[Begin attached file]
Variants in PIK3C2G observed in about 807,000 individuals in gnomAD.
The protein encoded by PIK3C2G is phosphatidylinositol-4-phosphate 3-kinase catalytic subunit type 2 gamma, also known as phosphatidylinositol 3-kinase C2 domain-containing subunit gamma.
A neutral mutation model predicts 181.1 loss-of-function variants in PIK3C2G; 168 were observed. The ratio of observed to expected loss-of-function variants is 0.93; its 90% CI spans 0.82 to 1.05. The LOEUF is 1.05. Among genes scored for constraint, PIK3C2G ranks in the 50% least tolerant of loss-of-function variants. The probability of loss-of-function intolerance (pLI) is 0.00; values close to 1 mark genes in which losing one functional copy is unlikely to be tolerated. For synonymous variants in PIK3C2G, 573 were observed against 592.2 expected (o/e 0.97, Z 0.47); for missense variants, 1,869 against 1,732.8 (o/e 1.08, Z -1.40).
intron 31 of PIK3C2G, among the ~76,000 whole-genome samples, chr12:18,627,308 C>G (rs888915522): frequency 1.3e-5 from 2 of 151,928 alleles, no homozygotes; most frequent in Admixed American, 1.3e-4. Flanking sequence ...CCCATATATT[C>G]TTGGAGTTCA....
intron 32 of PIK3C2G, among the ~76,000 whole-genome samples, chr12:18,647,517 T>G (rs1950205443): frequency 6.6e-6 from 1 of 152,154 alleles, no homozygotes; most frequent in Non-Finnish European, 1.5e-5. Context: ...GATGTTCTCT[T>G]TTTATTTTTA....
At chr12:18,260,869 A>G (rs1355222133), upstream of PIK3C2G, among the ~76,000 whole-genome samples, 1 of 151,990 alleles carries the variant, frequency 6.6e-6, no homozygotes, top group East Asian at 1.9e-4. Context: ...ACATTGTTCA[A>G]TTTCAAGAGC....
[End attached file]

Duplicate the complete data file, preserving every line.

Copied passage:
Variants in PIK3C2G observed in about 807,000 individuals in gnomAD.
The protein encoded by PIK3C2G is phosphatidylinositol-4-phosphate 3-kinase catalytic subunit type 2 gamma, also known as phosphatidylinositol 3-kinase C2 domain-containing subunit gamma.
A neutral mutation model predicts 181.1 loss-of-function variants in PIK3C2G; 168 were observed. The ratio of observed to expected loss-of-function variants is 0.93; its 90% CI spans 0.82 to 1.05. The LOEUF is 1.05. Among genes scored for constraint, PIK3C2G ranks in the 50% least tolerant of loss-of-function variants. The probability of loss-of-function intolerance (pLI) is 0.00; values close to 1 mark genes in which losing one functional copy is unlikely to be tolerated. For synonymous variants in PIK3C2G, 573 were observed against 592.2 expected (o/e 0.97, Z 0.47); for missense variants, 1,869 against 1,732.8 (o/e 1.08, Z -1.40).
intron 31 of PIK3C2G, among the ~76,000 whole-genome samples, chr12:18,627,308 C>G (rs888915522): frequency 1.3e-5 from 2 of 151,928 alleles, no homozygotes; most frequent in Admixed American, 1.3e-4. Flanking sequence ...CCCATATATT[C>G]TTGGAGTTCA....
intron 32 of PIK3C2G, among the ~76,000 whole-genome samples, chr12:18,647,517 T>G (rs1950205443): frequency 6.6e-6 from 1 of 152,154 alleles, no homozygotes; most frequent in Non-Finnish European, 1.5e-5. Context: ...GATGTTCTCT[T>G]TTTATTTTTA....
At chr12:18,260,869 A>G (rs1355222133), upstream of PIK3C2G, among the ~76,000 whole-genome samples, 1 of 151,990 alleles carries the variant, frequency 6.6e-6, no homozygotes, top group East Asian at 1.9e-4. Context: ...ACATTGTTCA[A>G]TTTCAAGAGC....